Vienna-listed CA Immo has embarked on a major refocusing of its business, which it calls “redimensioning” and which is expected to last for at least two years. The new strategy involves hefty reductions in assets and staff, designed to boost cash-flow and improve shareholder returns.
CA Immo saw its real estate holding soar from €2bn in 2006 to over €5bn in 2011, in part due to the takeover of Germany’s Vivico Real Estate in 2007 and Europolis in 2011, doubling its staff in that time to nearly 400 – of which about half are in Germany. One in seven of these jobs are now being cut, with about 30 going in Germany.
A spokeswoman for CA Immo said the company would be selling hotel, logistics and residential assets – in other words, office is the new core product. It will also exit markets in south-eastern Europe such as the Ukraine and Serbia which lack economies of scale. “We also intend to divest large assets, or shares of these asset, to avoid cluster risk”, she added. Germany and Austria, and a small number of countries in eastern Europe remain core to the company’s plans, she said.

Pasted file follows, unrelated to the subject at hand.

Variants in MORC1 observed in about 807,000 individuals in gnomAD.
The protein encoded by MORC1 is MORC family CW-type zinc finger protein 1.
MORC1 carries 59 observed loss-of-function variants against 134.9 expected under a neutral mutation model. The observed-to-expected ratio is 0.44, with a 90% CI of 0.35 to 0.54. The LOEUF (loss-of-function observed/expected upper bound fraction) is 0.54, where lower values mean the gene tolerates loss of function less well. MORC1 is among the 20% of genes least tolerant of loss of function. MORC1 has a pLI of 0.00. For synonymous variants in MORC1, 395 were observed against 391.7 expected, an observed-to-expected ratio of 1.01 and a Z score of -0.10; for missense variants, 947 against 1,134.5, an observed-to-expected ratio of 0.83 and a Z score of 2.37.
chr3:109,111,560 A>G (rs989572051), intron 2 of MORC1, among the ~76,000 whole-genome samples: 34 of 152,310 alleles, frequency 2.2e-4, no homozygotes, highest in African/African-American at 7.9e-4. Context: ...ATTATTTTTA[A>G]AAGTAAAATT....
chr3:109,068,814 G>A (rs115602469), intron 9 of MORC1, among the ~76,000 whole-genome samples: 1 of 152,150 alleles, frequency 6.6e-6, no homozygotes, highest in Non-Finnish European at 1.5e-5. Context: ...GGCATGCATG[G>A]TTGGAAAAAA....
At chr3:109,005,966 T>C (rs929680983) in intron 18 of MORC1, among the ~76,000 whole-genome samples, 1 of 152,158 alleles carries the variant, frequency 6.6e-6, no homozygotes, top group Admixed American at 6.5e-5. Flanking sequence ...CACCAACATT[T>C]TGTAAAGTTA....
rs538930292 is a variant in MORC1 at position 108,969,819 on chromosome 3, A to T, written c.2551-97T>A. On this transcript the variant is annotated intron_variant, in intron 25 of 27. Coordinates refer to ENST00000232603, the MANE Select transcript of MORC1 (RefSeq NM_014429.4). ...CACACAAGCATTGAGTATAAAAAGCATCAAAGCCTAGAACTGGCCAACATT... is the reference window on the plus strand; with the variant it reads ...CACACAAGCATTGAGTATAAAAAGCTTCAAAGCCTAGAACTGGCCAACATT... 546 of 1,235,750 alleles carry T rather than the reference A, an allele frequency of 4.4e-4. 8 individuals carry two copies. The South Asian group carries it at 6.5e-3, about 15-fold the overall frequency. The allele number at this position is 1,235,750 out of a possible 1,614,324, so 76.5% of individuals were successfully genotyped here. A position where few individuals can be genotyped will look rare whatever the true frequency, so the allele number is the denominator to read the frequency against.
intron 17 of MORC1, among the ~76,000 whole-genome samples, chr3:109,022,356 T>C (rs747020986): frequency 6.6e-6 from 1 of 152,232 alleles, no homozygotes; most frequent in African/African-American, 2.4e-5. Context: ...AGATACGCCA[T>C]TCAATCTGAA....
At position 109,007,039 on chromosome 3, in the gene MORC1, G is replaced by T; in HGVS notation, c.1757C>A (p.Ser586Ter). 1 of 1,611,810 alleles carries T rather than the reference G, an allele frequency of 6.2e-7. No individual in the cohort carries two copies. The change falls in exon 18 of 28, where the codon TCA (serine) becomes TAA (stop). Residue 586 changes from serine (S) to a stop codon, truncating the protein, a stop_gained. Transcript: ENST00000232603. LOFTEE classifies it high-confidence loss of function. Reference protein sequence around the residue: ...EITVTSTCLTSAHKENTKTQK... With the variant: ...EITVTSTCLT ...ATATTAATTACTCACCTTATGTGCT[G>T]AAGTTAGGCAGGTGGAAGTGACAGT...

The company is currently invested in and develops large projects and urban quarters, for example Berlin’s Europacity, Frankfurt’s new European Quarter (Europaviertel), Munich’s Arnulfpark and Düsseldorf’s Belsen-Park. It also completed the 100,000 sqm Tower 185 office high-rise for €450m in Frankfurt last year, the largest office complex in the city, and put this up for sale.
CA Immo has become increasingly nervous about what it feels is an underperforming share price, still trading at a discount of 50 to net asset value. The new restructuring is intended to pay down loans and boost its own equity capital, as well as returning to a more shareholder-friendly dividend policy.